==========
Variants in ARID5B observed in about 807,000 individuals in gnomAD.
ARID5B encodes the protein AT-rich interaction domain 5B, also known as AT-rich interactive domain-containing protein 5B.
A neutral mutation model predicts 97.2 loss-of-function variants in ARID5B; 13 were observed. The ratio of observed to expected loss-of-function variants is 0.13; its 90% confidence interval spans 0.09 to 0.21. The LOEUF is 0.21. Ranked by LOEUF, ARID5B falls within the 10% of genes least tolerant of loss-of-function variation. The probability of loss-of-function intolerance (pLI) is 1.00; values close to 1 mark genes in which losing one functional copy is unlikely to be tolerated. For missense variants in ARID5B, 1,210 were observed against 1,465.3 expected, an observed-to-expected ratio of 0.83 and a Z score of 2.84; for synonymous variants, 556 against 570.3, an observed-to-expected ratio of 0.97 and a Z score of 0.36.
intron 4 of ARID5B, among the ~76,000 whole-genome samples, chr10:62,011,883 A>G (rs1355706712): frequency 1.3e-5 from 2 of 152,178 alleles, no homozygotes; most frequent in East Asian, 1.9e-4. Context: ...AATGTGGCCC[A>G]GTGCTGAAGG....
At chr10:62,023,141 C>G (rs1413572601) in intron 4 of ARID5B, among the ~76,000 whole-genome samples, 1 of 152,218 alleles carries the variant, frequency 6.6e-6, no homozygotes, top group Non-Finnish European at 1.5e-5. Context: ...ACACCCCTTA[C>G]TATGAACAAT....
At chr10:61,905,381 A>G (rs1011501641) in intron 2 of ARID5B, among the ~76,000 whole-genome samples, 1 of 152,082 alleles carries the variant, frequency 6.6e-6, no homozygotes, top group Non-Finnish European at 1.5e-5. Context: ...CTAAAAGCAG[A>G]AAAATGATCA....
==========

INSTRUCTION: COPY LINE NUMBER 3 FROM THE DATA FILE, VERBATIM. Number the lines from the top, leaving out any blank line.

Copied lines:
A neutral mutation model predicts 97.2 loss-of-function variants in ARID5B; 13 were observed. The ratio of observed to expected loss-of-function variants is 0.13; its 90% confidence interval spans 0.09 to 0.21. The LOEUF is 0.21. Ranked by LOEUF, ARID5B falls within the 10% of genes least tolerant of loss-of-function variation. The probability of loss-of-function intolerance (pLI) is 1.00; values close to 1 mark genes in which losing one functional copy is unlikely to be tolerated. For missense variants in ARID5B, 1,210 were observed against 1,465.3 expected, an observed-to-expected ratio of 0.83 and a Z score of 2.84; for synonymous variants, 556 against 570.3, an observed-to-expected ratio of 0.97 and a Z score of 0.36.